Renowned UC Santa Cruz astronomer Sandra Faber will give a free public lecture on astronomy and cosmology on Wednesday, February 5, at 7:30 p.m. in the Music Recital Hall on the UCSC campus.

Faber's talk on "Cosmic Knowledge and the Long-term Strategy of the Human Race" is the 2014 Stanley Flatté Memorial Lecture, presented by the UCSC Department of Physics.

Modern astronomy has succeeded remarkably well in explaining the origin of the human race in cosmic terms: how the galaxy was formed, how the sun and Earth were formed, even where the chemical elements that comprise our bodies and our planet came from. We can now use that understanding to predict our cosmic future, and Faber will argue that human beings have been given the most precious gift of all: billions of years of cosmic time. But how will we use this gift? Absorbing the lessons of cosmology is central to answering this challenge.

Faber, a University Professor of astronomy and astrophysics at UCSC and interim director of UC Observatories, is known for her pioneering research on the formation and evolution of galaxies, distant galaxy clusters, and the large-scale structure of the universe. She is also a leading authority on telescopes and astronomical instrumentation and has been closely involved with both the Hubble Space Telescope and the W. M. Keck Observatory in Hawaii. Faber has received many awards and honors for her achievements, and in 2013 she was honored by President Obama with the National Medal of Science.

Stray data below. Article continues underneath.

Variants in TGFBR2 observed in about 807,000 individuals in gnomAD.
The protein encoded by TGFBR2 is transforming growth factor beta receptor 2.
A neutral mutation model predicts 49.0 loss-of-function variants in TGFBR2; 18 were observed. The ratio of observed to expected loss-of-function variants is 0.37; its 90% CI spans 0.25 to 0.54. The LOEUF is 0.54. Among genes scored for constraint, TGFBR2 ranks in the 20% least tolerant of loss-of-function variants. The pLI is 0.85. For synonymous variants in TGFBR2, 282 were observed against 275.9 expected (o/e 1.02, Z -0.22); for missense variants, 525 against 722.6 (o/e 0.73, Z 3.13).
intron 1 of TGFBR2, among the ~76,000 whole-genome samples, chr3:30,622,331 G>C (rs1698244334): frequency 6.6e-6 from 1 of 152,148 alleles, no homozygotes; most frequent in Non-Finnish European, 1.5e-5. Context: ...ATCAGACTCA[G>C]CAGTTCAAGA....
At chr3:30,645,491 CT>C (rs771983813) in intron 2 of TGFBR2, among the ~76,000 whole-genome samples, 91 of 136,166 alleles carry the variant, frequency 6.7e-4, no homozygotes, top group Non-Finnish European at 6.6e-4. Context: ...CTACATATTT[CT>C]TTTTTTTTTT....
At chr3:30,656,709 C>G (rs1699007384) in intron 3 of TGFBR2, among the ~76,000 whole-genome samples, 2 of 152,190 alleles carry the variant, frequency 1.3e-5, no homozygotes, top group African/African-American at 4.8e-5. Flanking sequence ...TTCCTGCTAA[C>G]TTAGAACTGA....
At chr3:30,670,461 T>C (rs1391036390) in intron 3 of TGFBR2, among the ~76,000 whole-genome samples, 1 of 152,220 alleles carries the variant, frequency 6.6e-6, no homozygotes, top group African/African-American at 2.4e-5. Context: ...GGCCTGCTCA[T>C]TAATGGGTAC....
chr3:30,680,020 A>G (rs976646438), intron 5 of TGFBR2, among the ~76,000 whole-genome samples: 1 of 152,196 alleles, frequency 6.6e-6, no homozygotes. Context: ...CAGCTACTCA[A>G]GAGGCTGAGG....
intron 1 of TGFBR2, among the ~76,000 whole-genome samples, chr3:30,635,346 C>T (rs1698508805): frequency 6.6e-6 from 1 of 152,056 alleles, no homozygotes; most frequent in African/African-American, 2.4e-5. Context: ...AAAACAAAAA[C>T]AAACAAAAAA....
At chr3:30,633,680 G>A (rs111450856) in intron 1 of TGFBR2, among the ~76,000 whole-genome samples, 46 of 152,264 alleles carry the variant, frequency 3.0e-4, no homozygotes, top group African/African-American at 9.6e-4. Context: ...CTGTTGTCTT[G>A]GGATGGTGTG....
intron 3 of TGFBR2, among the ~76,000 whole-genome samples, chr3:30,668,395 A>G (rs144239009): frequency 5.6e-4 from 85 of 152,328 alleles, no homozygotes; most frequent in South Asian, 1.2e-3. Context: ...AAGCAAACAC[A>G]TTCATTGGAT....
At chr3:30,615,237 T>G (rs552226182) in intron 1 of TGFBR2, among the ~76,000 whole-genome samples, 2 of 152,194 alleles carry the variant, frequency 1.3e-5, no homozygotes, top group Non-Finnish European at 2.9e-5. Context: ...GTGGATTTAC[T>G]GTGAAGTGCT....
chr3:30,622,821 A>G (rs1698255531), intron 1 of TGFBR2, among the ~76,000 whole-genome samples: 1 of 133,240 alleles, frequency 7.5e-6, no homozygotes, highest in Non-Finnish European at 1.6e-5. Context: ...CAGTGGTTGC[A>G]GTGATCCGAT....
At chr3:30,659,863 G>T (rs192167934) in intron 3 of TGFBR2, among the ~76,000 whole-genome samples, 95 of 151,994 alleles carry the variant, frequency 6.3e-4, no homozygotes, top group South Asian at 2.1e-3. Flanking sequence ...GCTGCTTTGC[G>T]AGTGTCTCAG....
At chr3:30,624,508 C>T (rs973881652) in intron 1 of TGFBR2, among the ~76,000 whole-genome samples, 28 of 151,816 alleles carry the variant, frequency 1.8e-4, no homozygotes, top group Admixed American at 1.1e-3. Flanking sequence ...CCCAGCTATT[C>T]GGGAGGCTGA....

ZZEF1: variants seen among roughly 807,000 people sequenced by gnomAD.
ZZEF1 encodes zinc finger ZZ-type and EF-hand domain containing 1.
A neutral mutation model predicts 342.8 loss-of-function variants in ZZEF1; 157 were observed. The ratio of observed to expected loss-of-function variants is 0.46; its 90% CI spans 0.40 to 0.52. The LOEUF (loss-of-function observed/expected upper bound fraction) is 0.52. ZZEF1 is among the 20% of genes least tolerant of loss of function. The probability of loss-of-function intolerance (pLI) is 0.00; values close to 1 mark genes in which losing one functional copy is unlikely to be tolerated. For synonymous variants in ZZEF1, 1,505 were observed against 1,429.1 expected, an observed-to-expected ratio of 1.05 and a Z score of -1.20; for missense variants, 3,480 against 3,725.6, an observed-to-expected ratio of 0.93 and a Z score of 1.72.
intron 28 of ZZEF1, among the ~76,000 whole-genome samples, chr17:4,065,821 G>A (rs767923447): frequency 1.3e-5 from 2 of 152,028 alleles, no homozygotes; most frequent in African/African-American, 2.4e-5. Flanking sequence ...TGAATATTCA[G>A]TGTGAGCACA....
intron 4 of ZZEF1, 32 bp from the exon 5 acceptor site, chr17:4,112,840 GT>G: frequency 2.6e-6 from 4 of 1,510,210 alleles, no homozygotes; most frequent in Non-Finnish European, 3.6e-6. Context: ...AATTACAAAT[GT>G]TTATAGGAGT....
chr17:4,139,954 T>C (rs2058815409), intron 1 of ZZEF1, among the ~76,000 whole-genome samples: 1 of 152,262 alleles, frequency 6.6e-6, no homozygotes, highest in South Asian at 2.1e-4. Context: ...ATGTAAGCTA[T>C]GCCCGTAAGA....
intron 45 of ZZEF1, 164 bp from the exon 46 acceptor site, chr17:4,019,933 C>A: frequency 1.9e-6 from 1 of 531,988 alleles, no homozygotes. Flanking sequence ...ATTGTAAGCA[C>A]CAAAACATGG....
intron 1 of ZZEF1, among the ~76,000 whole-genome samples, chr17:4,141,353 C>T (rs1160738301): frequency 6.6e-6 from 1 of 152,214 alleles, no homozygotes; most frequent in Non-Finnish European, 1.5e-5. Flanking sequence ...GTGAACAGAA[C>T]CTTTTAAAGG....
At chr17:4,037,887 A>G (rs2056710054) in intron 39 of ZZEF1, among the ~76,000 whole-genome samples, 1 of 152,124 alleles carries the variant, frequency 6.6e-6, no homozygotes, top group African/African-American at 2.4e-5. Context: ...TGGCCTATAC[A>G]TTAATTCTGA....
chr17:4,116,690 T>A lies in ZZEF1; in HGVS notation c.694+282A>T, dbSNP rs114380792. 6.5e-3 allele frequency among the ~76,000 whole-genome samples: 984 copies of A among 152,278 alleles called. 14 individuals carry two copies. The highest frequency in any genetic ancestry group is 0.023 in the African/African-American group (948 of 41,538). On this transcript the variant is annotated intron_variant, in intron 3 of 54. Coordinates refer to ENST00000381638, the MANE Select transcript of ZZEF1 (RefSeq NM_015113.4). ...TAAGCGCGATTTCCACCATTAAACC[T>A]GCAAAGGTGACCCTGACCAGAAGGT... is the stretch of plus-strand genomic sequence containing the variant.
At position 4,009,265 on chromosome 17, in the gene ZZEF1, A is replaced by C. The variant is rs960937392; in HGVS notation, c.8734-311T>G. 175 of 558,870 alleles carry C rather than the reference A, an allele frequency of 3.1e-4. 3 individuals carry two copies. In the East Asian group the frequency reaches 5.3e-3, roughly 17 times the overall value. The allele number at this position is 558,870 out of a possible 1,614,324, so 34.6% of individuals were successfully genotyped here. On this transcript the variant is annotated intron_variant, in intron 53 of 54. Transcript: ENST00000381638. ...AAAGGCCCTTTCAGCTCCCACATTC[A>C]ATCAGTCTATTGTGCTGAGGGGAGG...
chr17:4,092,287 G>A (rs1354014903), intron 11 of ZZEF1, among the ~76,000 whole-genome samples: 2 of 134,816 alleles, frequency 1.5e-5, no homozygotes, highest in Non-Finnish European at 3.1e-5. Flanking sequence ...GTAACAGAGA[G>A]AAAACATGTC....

The Stanley M. Flatté Memorial Lecture Fund supports an annual public lecture by a distinguished scientist from one of the many fields influenced by the late Stanley Flatté, who was a professor of physics at UCSC. Flatté's work on wave propagation led to important contributions in the fields of atmospheric optics, ocean acoustics, and seismology. He also made significant contributions to basic research in particle physics.

For more information about this event, call (831) 459-4121.